I’ve been slacking on this and I’ve got some catching up to do, so let’s get to it!

This was my bid to knock off the final parkrun in Glasgow, having visited Ruchill in January and Drumchapel in April.  Accidental quarterly visits to Scotland’s biggest city.

Route description
Two and a half laps, largely following the border of the the park.

Course profile
Pretty flat.  Easily the second-quickest parkrun in Glasgow after Victoria.

Underfoot
All on paved paths.

Shoes
Road shoes are the way to go.

Difficulty
1/6.  Flat, a couple of simple loops that are well marshalled/coned.  About as easy as they come.

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Speaking of difficulty, the most challenging aspect of the day was controlling my disgust when passing by the Orange Walk kicking off in Springburn as I jogged from Queen Street to the park itself.  I’m staggered this sort of thing is still permitted.  I encountered again in all its ‘glory’ when I got back into the centre.  I’d planned to stick around for a while, but this assault on the eyes and ears had me jumping back to Edinburgh as soon as humanly possible.

Anyway, I digress.

After gathering next to the 115-year-old James Reid statue – the man having donated towards the bandstand and winter gardens there – in the middle of the park for the first timer’s brief, we take the short walk to the start line by the pond.

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The view from the west of the course, with the finish area/memorial and up to the James Reid statue at the top

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[Spoiler] I finished! Back up at the pond where we started with a complimentary cup of water. Cheers!
I’d managed a total of 10 miles of running that week, including a middling parkrun and a shortish interval session, which isn’t actually too bad given my consistent niggles, so time to see what I had in me.

I started at the front and got to the end of the straight in around twelfth, and after passing and being passed by various folk, I got up to the north-west of the park and around Mosesfield House onto the narrower part of the course in eleventh.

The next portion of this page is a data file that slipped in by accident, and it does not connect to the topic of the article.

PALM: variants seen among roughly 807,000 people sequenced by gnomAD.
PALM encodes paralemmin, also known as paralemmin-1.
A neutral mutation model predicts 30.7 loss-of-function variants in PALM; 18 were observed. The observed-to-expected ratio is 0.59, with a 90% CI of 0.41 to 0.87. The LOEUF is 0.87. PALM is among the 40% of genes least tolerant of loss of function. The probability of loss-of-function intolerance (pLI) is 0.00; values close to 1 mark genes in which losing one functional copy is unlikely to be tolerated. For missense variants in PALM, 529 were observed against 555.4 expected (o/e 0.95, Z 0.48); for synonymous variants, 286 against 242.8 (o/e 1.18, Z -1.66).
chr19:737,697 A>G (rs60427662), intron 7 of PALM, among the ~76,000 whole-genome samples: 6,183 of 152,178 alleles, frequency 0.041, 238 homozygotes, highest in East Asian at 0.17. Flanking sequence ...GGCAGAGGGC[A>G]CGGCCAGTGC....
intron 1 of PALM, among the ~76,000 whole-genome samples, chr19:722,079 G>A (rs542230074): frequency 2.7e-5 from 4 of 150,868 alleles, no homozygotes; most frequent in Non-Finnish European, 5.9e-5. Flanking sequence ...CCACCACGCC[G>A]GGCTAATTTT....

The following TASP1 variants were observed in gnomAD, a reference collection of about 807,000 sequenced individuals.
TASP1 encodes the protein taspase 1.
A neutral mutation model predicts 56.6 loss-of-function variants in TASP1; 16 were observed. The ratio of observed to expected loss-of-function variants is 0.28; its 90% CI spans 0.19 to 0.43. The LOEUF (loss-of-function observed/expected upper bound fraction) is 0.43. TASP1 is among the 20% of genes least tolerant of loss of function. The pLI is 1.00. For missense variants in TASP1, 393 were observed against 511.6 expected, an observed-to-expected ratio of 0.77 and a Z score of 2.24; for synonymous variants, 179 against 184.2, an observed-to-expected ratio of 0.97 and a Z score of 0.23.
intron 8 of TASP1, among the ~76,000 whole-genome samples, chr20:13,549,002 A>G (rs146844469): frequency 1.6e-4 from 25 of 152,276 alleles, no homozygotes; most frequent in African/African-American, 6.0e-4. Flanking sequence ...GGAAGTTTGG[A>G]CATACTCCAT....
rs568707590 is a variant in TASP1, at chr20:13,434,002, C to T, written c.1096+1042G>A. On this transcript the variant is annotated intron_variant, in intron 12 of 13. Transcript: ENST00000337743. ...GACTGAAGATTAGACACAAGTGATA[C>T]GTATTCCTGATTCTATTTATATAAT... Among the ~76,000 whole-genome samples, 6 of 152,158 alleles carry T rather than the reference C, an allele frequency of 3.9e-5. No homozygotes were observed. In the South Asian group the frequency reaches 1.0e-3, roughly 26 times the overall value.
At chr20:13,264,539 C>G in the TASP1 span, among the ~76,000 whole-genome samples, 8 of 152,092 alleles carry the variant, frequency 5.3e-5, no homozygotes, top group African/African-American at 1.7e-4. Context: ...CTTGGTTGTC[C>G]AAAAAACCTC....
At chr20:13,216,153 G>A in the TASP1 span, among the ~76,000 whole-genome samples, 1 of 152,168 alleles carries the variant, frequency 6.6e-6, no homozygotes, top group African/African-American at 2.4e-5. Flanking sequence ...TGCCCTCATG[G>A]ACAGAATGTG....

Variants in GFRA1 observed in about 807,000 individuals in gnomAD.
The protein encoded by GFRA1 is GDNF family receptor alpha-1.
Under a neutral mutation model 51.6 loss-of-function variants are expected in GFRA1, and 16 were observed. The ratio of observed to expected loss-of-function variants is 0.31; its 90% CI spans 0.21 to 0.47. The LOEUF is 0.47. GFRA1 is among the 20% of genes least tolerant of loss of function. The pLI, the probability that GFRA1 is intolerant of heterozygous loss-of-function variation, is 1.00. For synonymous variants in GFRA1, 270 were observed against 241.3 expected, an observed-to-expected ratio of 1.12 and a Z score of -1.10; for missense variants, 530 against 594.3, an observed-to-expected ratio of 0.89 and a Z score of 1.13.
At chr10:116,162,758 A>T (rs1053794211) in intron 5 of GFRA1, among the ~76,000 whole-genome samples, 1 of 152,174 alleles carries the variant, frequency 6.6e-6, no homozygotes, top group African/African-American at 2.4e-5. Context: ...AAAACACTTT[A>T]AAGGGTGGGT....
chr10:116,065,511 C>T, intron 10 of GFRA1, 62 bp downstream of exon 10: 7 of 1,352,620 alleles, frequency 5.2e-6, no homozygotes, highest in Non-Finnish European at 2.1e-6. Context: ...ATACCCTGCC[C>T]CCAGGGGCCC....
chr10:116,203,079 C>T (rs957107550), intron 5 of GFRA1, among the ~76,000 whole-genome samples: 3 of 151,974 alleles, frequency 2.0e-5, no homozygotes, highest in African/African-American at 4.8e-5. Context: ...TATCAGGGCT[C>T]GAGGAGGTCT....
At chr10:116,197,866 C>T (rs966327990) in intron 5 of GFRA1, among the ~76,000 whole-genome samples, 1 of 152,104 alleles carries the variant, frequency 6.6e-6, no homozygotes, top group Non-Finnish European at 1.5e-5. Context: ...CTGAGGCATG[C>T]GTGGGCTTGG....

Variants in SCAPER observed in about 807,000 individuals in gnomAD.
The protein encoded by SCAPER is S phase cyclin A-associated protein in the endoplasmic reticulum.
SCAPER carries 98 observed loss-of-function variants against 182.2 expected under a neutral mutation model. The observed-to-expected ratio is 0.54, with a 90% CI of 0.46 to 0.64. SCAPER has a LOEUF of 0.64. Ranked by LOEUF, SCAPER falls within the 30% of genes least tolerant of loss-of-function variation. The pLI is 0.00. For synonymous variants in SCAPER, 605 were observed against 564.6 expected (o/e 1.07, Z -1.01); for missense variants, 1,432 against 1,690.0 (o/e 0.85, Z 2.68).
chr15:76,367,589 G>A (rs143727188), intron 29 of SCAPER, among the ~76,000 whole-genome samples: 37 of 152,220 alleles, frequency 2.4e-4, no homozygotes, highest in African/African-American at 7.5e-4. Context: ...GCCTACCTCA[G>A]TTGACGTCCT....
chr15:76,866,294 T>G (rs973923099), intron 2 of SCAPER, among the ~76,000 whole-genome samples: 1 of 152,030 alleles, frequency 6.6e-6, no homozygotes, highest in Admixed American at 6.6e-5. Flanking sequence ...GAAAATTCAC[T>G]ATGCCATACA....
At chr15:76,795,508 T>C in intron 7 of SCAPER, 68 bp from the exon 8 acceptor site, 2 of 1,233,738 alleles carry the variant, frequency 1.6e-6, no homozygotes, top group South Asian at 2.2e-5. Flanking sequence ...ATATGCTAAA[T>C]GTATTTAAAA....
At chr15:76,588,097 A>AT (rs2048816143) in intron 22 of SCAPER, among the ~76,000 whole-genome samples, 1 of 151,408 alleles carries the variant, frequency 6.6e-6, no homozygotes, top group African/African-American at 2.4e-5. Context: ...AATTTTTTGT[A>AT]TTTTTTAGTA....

The northern section around the ponds is comfortably the most picturesque of the course and did a little to ease the focus on my own wheezing!  Eventually I got back to familiar territory as we ended the first lap, and I turned my concentration to a couple of bodies in the distance.  I convinced myself they were coming back to me, so they became targets.

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The long-derelict structure in the middle of the park is passed on each lap.  Fascinating in its current state, it must’ve been quite something back in the day.

The second lap was otherwise a painful one.  It’s almost as if running 4km to get there when you’re relatively unfit is a bad idea!  It was an evenly-paced run by my standards, the third K being the slowest and speeding up as I reigned in my ‘victims’.

I made the pass just as the second lap ended on the south of the course, and put the afterburners on to give the illusion I was flying.  Is it mean to try and break a fellow parkrunner’s spirit?  Maybe…

It built the margin I wanted, so I crawled down the home straight.  The volunteers shouted encouragement as I got towards the line, and it was only after finishing I realised they were trying to egg me on to a sub-20 time.

I finished in 20:03!

Ninth place and a solid enough run, 53 seconds up on the previous parkrun down south (report to follow – I’m all mixed up).

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What a day it was

Thanks to a really enthusiastic RD, the smiley bunch of volunteers, and the absolute bonus and thoughtful addition of free water at the finish on a hot morning.  That’s going above and beyond!

While Pollok is The Daddy of Scottish/Glaswegian parkrunning, Springburn is an excellent event and worth the trip.  Go on, you know what to do…